The news that Facebook is banning cryptocurrency ads has hit the market. While this may come as a shock to some, events leading up to this decision have been in the works for some time. We take a look at what’s behind the company’s new announcement.
Are You Absolutely Certain It’s a Scam?
The trouble with Facebook ads is that you can’t always target your exact target market. For instance, how would you know whether someone in the geographical area, age bracket, and income level that you’re targeting also happens to be a raving crypto fan?
Thus, blockchain companies that advertise on Facebook are often met with scathing comments about the industry as a whole, and their business in particular. “You’re all scammers,” users write. “Oh great. Another coin here to steal our money,” others exclaim.
And while Facebook has been happily cashing in on the many cryptocurrency ads floating around on their Facebook and Instagram platforms, they’ve come under fire in recent months for enabling “fake news” and misleading propaganda. So, taking note of users’ concerns, Facebook has henceforth banned all Bitcoin, cryptocurrency, and ICO-related ads. Because sometimes you just don’t know who’s real and who’s not.
A Few Bad Ads in Crypto Is One Big Ban for All
It’s an unfortunate fact that a few rotten apples give the whole basket a bad name, but this is exactly what is going on. The cryptocurrency and blockchain space is revolutionary and will be a game-changer in many industries, but the presence of scamming con artists and scheming hackers has driven the social media giant to take this monumental step.
According to their new mandate, Facebook will prohibit ads that promote “financial products and services that are frequently associated with misleading or deceptive promotional practices, such as binary options, initial coin offerings and cryptocurrency.”
In their release, Facebook states that while they may not catch every ad that doesn’t comply with their new policy, they will rely on the community to assist in reporting these types of ads that violate their updated terms. “Help us catch them to help you”, so to speak.
Mark Zuckerberg on Decentralization
At the beginning of the year, Facebook CEO Mark Zuckerberg posted on Facebook, raising the issue of decentralization and mentioning cryptocurrency as a possible solution, if not a clear-cut one:
“..one of the most interesting questions in technology right now is about centralization vs decentralization. A lot of us got into technology because we believe it can be a decentralizing force that puts more power in people’s hands. (The first four words of Facebook’s mission have always been “give people the power”.) Back in the 1990s and 2000s, most people believed technology would be a decentralizing force.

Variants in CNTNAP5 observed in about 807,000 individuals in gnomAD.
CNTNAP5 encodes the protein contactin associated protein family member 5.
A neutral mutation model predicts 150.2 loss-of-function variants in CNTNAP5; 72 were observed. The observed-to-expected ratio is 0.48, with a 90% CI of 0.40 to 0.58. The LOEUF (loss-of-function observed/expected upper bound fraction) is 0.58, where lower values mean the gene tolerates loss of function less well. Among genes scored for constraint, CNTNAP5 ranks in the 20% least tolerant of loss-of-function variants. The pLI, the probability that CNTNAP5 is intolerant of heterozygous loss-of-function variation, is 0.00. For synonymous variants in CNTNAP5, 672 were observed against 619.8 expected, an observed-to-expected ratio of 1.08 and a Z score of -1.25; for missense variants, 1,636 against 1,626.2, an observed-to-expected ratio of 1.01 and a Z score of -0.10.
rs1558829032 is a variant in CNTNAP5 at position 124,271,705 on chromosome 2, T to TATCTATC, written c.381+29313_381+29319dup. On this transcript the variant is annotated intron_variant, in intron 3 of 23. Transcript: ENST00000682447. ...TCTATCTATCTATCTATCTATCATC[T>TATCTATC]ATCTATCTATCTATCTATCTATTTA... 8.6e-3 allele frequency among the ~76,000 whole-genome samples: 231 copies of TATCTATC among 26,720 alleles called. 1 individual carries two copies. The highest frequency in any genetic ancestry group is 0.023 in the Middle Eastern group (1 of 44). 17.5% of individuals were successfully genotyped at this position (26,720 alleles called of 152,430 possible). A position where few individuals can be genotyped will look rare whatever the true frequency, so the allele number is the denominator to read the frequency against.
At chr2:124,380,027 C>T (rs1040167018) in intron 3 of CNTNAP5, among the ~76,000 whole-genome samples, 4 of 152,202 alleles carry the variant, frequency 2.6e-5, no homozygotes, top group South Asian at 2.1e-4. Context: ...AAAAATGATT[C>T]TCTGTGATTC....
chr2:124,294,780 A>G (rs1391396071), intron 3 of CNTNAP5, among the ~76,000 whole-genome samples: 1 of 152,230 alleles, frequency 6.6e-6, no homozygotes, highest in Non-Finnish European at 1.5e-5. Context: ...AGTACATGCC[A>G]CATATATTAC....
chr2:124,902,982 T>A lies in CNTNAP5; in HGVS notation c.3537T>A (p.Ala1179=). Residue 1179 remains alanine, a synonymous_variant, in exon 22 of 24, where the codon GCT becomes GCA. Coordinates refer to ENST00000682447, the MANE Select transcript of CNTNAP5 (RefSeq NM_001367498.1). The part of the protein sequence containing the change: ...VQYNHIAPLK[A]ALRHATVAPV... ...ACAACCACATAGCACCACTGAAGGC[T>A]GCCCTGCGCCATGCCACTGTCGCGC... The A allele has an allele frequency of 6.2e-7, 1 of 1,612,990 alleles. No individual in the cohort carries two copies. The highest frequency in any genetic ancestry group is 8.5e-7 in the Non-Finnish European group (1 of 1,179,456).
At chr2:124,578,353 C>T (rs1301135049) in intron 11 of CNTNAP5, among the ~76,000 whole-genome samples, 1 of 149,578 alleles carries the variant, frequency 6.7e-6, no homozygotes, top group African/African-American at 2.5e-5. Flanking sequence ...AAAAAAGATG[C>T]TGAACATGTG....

But today, many people have lost faith in that promise. With the rise of a small number of big tech companies — and governments using technology to watch their citizens — many people now believe technology only centralizes power rather than decentralizes it.
There are important counter-trends to this –like encryption and cryptocurrency — that take power from centralized systems and put it back into people’s hands. But they come with the risk of being harder to control. I’m interested to go deeper and study the positive and negative aspects of these technologies, and how best to use them in our services.
What This Means for Cryptocurrency
Many bemoan the fact that industry regulation is creeping in insistently from all sides, and Facebook getting on the bandwagon is just adding fuel to the fire. However, crypto has survived the likes of Silk Road and Mt. Gox, and they only ended up making the industry stronger and more above-board.
With spammers swarming the ICO space like a horde of orcs straight out of a J.R.R. Tolkien novel and fake ICOs disappearing with millions of dollars worth of investments, the rationale behind Facebook’s decision is understandable. The company already has fake news to combat. The last thing they want is to be complicit in their users losing money because of decisions made based on ads on their platform.
It’s just another kill strike in the quest to eliminate the baddies and clean up the industry.
Of course, this leaves legitimate ICOs and crypto businesses high and dry, as Facebook is an important communication medium that draws many pairs of eyes to the ads served on people’s feeds.
Still, it’s likely that the crypto industry – as resourceful as it can be – will come up with a new solution. A blockchain-based solution, perhaps? One thing we can be sure of is that this story is far from over… watch this space and see how things pan out!